People often ask me how I decide which adventure to do next. I’ve never really given a straight answer before, because for me it just kind of happens. Yes, before you all pile in, particular circumstances like time off, travel bans, money – everything – all contribute to what I actually end up doing and when. But we’re not talking about that. We’re talking about choosing ideas and dreams to chase. Because some people just know they want adventure, not how or what specifically. Other people have a sea of ideas and don’t know which direction to turn.
So yes, it’s a combination of circumstances and interests and practical things. For me, the big trips are almost always very deliberately chosen and planned out. The smaller ones less so. By smaller I mean things that are less of a big leap for me: I know how they work, there’s not really any unknown. Say spending time in one of the UK’s national parks or heading off on a weekend cycle touring trip. But remember small is relative.
Then a Pattern Emerged
But, in the few years that people have been asking this question (I’m not making this up, people actually do!) I’ve started to take more note of my adventure picking process. To my surprise – or alarm – there is actually a pattern, what might be a subconscious process going on.
For example, in 2019 – oh my word: this time last year – I went to the Julian Alps. I was really excited about it because I’d seen the mountains from Italy on a family cycle touring holiday. Back then on a bike I had no idea those mountains were even another country. They just looked pretty.
Coincidence, you’d think. And sure, I didn’t manifest the opportunity to go to Slovenia or anything. But then a German family we’d met on a different cycle touring holiday had recommended the Rhine Route EV 15. For some reason the recommendation stuck in my head. It wasn’t the reason why I said yes, when Alex suggested doing the Rhine, but the link was there.
Then, when I’d settled on Spain’s Sierra Nevadas for this summer’s trip, I realised I might have actually seen them on a school trip to Andalucia. I dug out the photo album and lo and behold, there it was.
Finally, as if that wasn’t enough, when my contributor’s copy of Wanderlust Europe arrived I had a good rummage for new trip ideas. The route along the spine of Corsica snatched my interest. I looked at the beautiful jagged hills and decided that I was going to Corsica. Maybe not now, or even for a while, but I would be going.
At the time, it seemed like an original and spontaneous thought. But a few weeks later, it started to seem familiar. Hadn’t someone recommended me a long distance marked trail across an island before? I knew where I could find out. I dug out my journal from my post-uni trip to Mercantour and the Maritime Alps. We were hitch-hiking back down the valley with a guy who turned out to be Cornish (what are the chances?!) living in Nice. I found his recommendation studiously recorded in my trip diary: “Corsica, GR?”. The GR20. You couldn’t make this stuff up.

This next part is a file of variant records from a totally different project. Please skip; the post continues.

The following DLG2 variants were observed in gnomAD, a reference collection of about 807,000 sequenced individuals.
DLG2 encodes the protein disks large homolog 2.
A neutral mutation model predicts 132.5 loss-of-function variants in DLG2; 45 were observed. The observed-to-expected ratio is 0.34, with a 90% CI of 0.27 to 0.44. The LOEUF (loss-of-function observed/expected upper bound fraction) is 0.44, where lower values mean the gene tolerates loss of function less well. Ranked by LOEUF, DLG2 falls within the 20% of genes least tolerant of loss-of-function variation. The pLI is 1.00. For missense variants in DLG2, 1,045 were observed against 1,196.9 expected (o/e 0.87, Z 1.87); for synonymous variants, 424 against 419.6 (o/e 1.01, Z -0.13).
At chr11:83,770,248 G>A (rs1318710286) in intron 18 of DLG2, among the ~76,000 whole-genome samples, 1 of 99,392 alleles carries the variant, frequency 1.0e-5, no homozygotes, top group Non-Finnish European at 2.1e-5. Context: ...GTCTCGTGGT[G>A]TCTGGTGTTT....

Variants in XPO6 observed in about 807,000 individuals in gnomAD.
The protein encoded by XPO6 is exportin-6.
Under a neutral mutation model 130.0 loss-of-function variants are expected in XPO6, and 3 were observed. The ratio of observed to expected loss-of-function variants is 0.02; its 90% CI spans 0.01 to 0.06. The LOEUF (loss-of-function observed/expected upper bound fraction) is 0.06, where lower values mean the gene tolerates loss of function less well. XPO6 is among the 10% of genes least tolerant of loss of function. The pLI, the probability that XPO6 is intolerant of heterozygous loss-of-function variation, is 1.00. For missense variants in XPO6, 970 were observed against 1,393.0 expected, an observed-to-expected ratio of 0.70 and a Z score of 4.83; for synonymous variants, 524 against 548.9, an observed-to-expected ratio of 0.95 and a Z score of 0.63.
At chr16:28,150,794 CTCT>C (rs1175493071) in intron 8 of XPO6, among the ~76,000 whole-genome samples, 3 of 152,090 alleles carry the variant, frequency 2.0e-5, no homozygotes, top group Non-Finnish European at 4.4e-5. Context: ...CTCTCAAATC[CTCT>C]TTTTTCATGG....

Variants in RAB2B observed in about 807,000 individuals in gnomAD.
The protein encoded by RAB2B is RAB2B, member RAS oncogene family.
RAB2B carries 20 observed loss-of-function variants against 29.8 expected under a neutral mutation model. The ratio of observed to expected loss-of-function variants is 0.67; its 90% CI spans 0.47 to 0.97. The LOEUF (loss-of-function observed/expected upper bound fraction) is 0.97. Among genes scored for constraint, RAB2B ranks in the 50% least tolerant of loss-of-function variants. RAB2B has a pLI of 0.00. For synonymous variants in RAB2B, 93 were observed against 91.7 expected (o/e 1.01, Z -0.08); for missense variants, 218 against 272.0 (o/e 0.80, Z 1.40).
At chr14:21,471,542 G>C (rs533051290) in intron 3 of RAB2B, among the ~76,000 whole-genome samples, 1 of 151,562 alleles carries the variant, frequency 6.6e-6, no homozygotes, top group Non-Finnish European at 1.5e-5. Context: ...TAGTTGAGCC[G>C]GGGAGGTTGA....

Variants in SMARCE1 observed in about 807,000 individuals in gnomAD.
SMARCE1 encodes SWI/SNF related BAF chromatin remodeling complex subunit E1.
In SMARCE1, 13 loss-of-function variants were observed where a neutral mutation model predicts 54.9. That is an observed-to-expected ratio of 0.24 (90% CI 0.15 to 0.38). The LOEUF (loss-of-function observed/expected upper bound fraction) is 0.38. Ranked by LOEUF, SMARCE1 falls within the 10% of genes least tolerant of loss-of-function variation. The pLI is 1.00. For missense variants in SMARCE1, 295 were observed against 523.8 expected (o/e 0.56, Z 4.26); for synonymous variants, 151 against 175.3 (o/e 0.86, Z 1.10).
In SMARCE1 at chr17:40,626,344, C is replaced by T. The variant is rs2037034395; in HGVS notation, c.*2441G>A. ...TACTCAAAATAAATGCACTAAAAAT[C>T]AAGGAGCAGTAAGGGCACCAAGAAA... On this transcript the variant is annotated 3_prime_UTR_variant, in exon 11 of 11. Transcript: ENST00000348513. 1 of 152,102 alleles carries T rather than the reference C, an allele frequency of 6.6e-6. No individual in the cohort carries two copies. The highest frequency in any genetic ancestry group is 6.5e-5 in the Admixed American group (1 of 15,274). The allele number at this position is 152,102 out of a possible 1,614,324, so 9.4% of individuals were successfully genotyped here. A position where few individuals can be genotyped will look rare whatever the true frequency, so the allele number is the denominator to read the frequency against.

The Adventure Picking System
So, now I know how I choose where to go next.
STEP 1: go somewhere. Anywhere. With friends or family or school or work – or no one at all. Just leave the house at some point.
STEP 2: go with eyes and ears wide open. Be curious. Look at the mountains in the distance and the battered guidebooks on the shelves in huts. Listen to the recommendations of the people you meet.
STEP 3: use Step 2 to spread out and widen your realm of experience. In doing so, start at Step 1 again.
It’s that simple. I was very aware of it happening in small ways: standing on a ridge in Scotland and pointing at the next ridge over saying, “That looks cool, let’s go there next.” But it seems that the same is true for me on a much larger scale.
Now, I should make it clear that I don’t just accept any old recommendations. Don’t go out and post randomly on the internet, asking for suggestions. I’m talking about suggestions from people and places I encounter when I’m already on an adventure. It’s a little more like serendipity. But also the people you meet are probably better at making good recommendations. Because after all, you’ve somehow both been brought to the same place at the same time.
I also never asked for any of the recommendations I’ve mentioned. They were freely and enthusiastically given. Either they captured my interest at the time and stuck with me or I diligently recorded them like the strange, pathological child I was and am. I don’t go out looking for where to go next. But simply by doing, the answers present themselves.
So there you have it. That’s how I decide on the next adventure about 75% of the time, whether consciously or unconsciously. And since this realisation, I’ve definitely started taking more notice of freely given suggestions. For example, my taxi driver in Spain told me to go hike the Camino Norte and visit Rwanda. Who knows, I might do just that.